US President Donald Trump and German Chancellor Angela Merkel on Friday appeared to make little headway on high-stakes trade and security disagreements, but avoided the public bickering that has plagued their year-old relationship.
Merkel left the White House unable to secure a promise from Trump to stay in the Iran nuclear deal or to provide a permanent European exemption to trade tariffs.
Unless Trump acts by Tuesday, tariffs on European steel and aluminum would take effect, likely followed by EU countermeasures that could spark a transatlantic trade war.
“The president will decide. That is very clear,” Merkel said, papering over differences during a joint press conference at the White House.
“We had an exchange of views on the current state of affairs of the negotiations and the respective assessments on where we stand on this, and the decision lies with the president,” she said.
On the Iran nuclear deal, which Trump might scuttle on Saturday next week, Merkel conceded it was “anything but perfect,” but is worth holding on to nonetheless.
Trump has demanded the “terrible” deal, which gave Tehran sanctions relief in return for curbs on controversial nuclear activities, be renegotiated, something Europeans see as unrealistic, dangerous and unnecessary.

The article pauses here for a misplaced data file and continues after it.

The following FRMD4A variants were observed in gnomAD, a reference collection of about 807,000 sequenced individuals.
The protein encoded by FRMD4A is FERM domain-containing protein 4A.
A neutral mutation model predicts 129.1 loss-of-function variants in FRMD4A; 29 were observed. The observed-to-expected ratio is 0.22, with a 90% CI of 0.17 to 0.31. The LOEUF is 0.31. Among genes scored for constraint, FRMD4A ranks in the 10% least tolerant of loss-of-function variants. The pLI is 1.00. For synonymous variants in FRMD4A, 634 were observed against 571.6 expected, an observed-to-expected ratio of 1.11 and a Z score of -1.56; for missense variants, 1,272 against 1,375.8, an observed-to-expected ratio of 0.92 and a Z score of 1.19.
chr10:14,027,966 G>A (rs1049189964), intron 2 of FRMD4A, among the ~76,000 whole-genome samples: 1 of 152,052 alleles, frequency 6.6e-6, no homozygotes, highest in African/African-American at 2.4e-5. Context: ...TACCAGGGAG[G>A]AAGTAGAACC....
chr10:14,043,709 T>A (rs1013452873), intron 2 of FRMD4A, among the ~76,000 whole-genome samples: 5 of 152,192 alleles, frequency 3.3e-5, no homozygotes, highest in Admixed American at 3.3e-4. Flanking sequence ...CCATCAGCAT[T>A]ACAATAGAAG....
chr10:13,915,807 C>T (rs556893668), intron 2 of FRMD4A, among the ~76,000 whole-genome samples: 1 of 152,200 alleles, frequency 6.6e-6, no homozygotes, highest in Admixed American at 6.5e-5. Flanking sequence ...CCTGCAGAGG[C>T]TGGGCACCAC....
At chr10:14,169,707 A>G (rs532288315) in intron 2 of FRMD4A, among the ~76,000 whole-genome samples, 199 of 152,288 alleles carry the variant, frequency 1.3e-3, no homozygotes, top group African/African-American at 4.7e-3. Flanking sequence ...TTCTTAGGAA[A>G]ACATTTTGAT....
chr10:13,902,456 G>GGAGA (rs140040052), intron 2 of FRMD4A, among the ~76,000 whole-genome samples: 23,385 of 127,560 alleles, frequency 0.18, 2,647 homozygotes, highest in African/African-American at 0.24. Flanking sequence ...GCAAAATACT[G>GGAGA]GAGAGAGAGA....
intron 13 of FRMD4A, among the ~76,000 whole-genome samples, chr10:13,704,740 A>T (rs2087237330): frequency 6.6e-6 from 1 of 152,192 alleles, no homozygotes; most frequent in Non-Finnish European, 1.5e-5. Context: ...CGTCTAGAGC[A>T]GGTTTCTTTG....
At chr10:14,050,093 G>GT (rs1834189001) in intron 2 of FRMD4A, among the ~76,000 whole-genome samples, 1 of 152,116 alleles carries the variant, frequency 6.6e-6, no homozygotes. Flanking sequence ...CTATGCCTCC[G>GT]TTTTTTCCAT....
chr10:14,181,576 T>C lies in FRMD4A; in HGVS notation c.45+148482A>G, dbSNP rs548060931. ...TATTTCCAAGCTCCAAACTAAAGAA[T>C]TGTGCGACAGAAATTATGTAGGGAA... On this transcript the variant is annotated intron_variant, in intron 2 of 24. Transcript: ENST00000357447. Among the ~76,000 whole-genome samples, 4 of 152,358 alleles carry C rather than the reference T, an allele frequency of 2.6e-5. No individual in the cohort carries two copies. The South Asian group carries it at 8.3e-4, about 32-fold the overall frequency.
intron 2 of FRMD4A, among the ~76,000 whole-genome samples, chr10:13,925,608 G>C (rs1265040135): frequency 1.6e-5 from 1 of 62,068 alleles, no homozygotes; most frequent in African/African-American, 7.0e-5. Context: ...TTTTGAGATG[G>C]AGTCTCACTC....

Merkel, like French President Emmanuel Macron who visited the White House earlier this week, tried to sell Trump on the idea of the deal being a stepping stone to a longer-term, broader agreement.
“It will not solve all the problems with Iran. It is one piece of the mosaic, one building block, if you like, on which we can build up this structure,” she said.
Trump was as noncommittal as he was with Macron, giving no sense that he was ready to bend, or that he has an alternative plan.
“They will not be doing nuclear weapons. That I can tell you. Okay?” Trump said when asked about his own proposal, refusing to rule out military action.
Despite lingering disagreements, Trump tempered his previously harsh criticism of low German defense spending, open immigration policies and export-focused trade.
Hailing Merkel as an “extraordinary woman,” Trump said: “We must have a fair and reciprocal trading relationship with our friends and partners.”
“I’m committed to working with Chancellor Merkel to reduce barriers to United States exports, to remedy these trade imbalances, and deepen our economic ties,” he said.
Trump also renewed his criticism of NATO, saying it was more useful for Europe than for the US, but in less sharp terms than before.
“NATO is wonderful, but it helps Europe more than it helps us,” he said, returning to a pet peeve.
“Why are we paying a vast majority of the costs?” Trump said. “We’re working on those things. It’s been unfair, and I don’t blame the chancellor.”
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